Three hours of driving finds me in Hanford. The first drop of 20 hives is healthy. Begrudgingly, I take some ridiculous selfies, as requested for our social media accounts. I place supers on the booming hives and let myself take in the beautiful white and gold blossoms on trees that were the definition of barren a mere week and change ago.
Dead Bees in the Almonds
Further along, I discover colonies with a few hundred dead bees on the ground in front of the landing board. My heart aches at the sight. My frustration simmers as the smoker churns on top of a cover. The hive next to the compromised one shows no sign at all of being exposed to the same toxin, and I wonder what was sprayed. Year after year, beekeepers are forced to witness their hives being poisoned by the very same folks who demand these six legged pollinators. Is this ever going to end?
Unaware of the fatalities, the bees seem to be in a fantastic mood. I wear only a veil -- no gloves or suit today. They seem almost happy to see me, and I as I carefully place a medium box with 10 frames above their existing box, I imagine they appreciate the expansion of the Langstroth mansions.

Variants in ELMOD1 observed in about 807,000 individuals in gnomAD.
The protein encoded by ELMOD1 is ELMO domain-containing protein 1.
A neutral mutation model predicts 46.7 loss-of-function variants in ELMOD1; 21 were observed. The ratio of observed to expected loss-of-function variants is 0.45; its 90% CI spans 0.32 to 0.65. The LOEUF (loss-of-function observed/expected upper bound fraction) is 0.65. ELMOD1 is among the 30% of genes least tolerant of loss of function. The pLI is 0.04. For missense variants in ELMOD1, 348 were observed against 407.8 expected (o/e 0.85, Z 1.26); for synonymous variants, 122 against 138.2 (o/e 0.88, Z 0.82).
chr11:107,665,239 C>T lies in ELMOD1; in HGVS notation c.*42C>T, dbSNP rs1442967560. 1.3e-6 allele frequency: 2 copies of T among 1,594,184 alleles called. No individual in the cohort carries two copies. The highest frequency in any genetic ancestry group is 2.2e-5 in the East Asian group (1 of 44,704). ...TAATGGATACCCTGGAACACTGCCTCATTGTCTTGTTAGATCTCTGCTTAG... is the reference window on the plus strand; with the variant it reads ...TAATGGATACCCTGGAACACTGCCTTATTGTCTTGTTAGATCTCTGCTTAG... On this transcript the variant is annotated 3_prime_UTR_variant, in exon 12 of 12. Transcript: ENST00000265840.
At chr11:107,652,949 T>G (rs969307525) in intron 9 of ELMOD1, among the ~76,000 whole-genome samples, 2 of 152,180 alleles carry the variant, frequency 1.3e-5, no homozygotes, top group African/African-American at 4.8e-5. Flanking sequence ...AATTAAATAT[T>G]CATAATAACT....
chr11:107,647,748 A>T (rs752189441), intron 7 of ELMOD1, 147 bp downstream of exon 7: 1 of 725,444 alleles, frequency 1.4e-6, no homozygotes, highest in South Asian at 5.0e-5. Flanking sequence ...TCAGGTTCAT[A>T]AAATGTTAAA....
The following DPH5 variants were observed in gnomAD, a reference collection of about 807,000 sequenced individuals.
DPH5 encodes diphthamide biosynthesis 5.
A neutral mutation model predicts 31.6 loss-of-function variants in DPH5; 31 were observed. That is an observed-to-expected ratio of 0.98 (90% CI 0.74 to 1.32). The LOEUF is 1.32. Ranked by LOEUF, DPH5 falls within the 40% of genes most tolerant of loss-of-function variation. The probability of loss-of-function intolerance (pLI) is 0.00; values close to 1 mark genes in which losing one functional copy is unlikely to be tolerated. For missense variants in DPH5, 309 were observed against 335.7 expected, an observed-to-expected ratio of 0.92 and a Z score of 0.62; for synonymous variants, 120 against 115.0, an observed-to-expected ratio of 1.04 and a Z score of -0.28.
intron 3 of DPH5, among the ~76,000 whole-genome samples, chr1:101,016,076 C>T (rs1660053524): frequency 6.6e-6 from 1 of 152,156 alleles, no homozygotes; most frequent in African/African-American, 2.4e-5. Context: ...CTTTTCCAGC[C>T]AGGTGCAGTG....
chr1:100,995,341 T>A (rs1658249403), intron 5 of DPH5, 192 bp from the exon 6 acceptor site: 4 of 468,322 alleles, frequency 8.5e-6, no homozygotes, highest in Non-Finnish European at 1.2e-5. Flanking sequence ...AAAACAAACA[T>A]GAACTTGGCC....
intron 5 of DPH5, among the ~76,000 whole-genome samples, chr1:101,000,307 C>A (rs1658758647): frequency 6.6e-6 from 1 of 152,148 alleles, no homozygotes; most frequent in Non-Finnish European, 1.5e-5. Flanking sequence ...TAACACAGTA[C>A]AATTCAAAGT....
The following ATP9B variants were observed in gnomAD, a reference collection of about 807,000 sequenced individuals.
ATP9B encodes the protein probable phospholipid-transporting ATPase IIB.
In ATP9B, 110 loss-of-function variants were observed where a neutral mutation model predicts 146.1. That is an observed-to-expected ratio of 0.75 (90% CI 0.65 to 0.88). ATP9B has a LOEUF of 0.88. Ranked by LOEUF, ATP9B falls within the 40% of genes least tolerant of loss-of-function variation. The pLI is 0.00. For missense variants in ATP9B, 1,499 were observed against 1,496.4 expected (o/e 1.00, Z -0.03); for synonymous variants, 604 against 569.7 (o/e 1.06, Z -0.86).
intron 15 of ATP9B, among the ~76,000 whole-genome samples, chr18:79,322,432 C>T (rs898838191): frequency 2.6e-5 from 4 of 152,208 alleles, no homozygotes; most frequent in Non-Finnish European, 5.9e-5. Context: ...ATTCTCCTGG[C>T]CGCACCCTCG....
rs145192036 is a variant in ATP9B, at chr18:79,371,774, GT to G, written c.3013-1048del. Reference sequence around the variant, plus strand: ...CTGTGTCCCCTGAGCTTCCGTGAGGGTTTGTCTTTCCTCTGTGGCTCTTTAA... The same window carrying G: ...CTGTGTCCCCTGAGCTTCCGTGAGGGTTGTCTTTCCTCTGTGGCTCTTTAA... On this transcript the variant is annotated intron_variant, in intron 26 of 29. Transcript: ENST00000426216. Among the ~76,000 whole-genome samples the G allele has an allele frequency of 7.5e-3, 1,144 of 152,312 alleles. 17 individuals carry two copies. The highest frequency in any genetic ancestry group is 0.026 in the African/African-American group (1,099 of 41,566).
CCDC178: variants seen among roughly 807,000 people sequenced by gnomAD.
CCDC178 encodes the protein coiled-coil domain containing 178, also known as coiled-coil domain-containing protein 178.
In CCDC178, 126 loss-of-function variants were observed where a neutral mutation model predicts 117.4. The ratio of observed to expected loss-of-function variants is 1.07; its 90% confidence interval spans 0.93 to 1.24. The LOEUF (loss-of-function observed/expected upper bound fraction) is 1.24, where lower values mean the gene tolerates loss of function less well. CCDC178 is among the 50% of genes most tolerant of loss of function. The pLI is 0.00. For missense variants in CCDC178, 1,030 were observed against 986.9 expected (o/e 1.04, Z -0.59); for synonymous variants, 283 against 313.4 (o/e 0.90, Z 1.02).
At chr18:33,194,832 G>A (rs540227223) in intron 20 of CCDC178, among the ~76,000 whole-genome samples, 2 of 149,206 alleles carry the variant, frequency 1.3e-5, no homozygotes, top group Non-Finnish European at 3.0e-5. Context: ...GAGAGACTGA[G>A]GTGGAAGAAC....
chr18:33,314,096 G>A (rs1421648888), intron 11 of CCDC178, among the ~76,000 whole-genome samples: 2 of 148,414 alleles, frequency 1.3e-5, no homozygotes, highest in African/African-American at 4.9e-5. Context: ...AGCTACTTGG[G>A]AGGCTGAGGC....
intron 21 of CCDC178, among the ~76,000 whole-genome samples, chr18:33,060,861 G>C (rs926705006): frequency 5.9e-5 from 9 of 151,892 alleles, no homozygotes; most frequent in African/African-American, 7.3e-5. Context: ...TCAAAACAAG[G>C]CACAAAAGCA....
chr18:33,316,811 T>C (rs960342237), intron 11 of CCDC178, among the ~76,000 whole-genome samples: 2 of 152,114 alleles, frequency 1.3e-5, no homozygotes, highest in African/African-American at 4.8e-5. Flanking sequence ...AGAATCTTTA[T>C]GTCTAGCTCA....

I am alone, so perhaps I am even more attentive to the placement of the tires of my bee truck. “Stay on the crown, Roberts,” I say to myself, referring to the top most part of the dirt road that tapers off along the sides that would spell a muddy ruin to an otherwise perfect day. There is not a rain cloud in sight, and the sky is a deep blue; the weather people got it right today.
I work the bees, I snap some photos (coerced, mind you), and I take in the beauty. It is almost uncomfortable to take it in all alone, and I am not sure if my color-blind eyes can adequately comprehend the magnificence of the blooms. The bees provide amazing company, and I do not mind being by myself, typically. But these blossoms are a once in a year event, and perhaps my Super Bowl metaphor isn’t appropriate. This is Christmas. Yes. This is the beekeeper Christmas. The gift of the almonds that heralds the spring. I understand why the Japanese so appreciate the blooming of the cherry blossoms,